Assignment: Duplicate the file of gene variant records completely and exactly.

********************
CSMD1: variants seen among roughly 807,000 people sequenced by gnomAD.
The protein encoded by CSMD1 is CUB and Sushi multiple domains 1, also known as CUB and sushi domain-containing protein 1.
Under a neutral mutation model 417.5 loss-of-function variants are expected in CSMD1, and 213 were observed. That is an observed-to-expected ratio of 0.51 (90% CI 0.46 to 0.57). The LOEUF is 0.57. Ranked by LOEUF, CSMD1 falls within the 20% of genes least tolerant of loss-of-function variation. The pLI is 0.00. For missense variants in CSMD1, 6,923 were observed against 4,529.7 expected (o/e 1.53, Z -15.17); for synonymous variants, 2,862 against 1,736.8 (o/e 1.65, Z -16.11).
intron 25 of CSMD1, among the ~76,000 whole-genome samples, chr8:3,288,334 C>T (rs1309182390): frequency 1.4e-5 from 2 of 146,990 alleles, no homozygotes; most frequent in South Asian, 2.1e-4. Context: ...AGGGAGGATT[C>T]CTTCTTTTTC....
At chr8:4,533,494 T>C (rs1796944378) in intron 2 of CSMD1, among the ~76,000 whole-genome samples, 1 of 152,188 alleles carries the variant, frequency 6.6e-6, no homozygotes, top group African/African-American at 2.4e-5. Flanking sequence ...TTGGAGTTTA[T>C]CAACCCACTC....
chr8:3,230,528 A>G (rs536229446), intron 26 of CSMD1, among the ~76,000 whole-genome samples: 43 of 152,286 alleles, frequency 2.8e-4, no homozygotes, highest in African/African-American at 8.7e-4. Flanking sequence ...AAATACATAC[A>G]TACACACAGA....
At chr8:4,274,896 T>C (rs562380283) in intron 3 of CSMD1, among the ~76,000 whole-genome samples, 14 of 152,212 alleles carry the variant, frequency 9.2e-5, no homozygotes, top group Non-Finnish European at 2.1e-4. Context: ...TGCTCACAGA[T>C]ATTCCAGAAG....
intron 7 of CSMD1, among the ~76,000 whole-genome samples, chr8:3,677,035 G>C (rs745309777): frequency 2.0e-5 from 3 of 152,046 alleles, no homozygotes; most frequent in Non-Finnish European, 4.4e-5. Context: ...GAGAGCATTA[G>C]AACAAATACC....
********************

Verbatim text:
CSMD1: variants seen among roughly 807,000 people sequenced by gnomAD.
The protein encoded by CSMD1 is CUB and Sushi multiple domains 1, also known as CUB and sushi domain-containing protein 1.
Under a neutral mutation model 417.5 loss-of-function variants are expected in CSMD1, and 213 were observed. That is an observed-to-expected ratio of 0.51 (90% CI 0.46 to 0.57). The LOEUF is 0.57. Ranked by LOEUF, CSMD1 falls within the 20% of genes least tolerant of loss-of-function variation. The pLI is 0.00. For missense variants in CSMD1, 6,923 were observed against 4,529.7 expected (o/e 1.53, Z -15.17); for synonymous variants, 2,862 against 1,736.8 (o/e 1.65, Z -16.11).
intron 25 of CSMD1, among the ~76,000 whole-genome samples, chr8:3,288,334 C>T (rs1309182390): frequency 1.4e-5 from 2 of 146,990 alleles, no homozygotes; most frequent in South Asian, 2.1e-4. Context: ...AGGGAGGATT[C>T]CTTCTTTTTC....
At chr8:4,533,494 T>C (rs1796944378) in intron 2 of CSMD1, among the ~76,000 whole-genome samples, 1 of 152,188 alleles carries the variant, frequency 6.6e-6, no homozygotes, top group African/African-American at 2.4e-5. Flanking sequence ...TTGGAGTTTA[T>C]CAACCCACTC....
chr8:3,230,528 A>G (rs536229446), intron 26 of CSMD1, among the ~76,000 whole-genome samples: 43 of 152,286 alleles, frequency 2.8e-4, no homozygotes, highest in African/African-American at 8.7e-4. Flanking sequence ...AAATACATAC[A>G]TACACACAGA....
At chr8:4,274,896 T>C (rs562380283) in intron 3 of CSMD1, among the ~76,000 whole-genome samples, 14 of 152,212 alleles carry the variant, frequency 9.2e-5, no homozygotes, top group Non-Finnish European at 2.1e-4. Context: ...TGCTCACAGA[T>C]ATTCCAGAAG....
intron 7 of CSMD1, among the ~76,000 whole-genome samples, chr8:3,677,035 G>C (rs745309777): frequency 2.0e-5 from 3 of 152,046 alleles, no homozygotes; most frequent in Non-Finnish European, 4.4e-5. Context: ...GAGAGCATTA[G>C]AACAAATACC....